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Record chill across China disrupts transport

A record chill across China has stranded passenger flights, trapped ships in ice and caught truck drivers unawares. Meteorologists blamed cold fronts caused, they say, by melting polar ice from global warming.

China's meteorological office had calculated average temperatures at their lowest in 28 years, according to the state news agency Xinhua on Saturday.

Since November, thermometers have averaged minus 3.8 degrees Celsius (25 degrees Fahrenheit) nationwide. In northeastern China, the average was minus 15 degrees Celsius.

The China Daily newspaper said eastern Laizhou Bay off Shandong province had frozen over, stranding nearly 1,000 ships in ice.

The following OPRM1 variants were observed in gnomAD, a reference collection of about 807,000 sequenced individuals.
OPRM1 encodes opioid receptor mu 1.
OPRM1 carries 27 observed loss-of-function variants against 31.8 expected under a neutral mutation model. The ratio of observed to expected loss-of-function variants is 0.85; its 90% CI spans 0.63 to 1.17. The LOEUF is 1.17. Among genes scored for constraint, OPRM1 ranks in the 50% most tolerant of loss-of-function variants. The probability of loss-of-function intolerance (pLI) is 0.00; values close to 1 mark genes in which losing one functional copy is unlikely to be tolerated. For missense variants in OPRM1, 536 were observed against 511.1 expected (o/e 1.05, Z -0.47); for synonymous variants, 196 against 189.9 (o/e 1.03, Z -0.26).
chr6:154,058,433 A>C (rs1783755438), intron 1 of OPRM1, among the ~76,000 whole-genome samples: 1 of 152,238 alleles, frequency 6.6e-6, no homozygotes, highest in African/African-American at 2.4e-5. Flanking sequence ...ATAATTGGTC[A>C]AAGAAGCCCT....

Cold stalls southern airport

Xinhua said 280 flights had been grounded at Changshui International Airport in the southern Chinese city of Kunming until thick fog lifted on Saturday afternoon.

Frustrated passengers confronted airline staff, complaining about a lack of information, according to the news agency AFP.

Meanwhile, truck drivers in southeastern Jiangxi province were caught out by extreme snowfalls which caused vehicle tailbacks.

"I didn't expect such a situation, so I've brought no warm coats or food," stranded trucker Yao Xuefeng told the China Daily. "All I can do now is wait."

Heavy snow also forced partial closures of the Beijing-Hong Kong highway.

Harbin, in northeastern China, was due to open its renowned Ice and Snow Festival on Saturday, with temperatures locally at minus 24 degrees.

ipj/rc (AFP, AP, Reuters)

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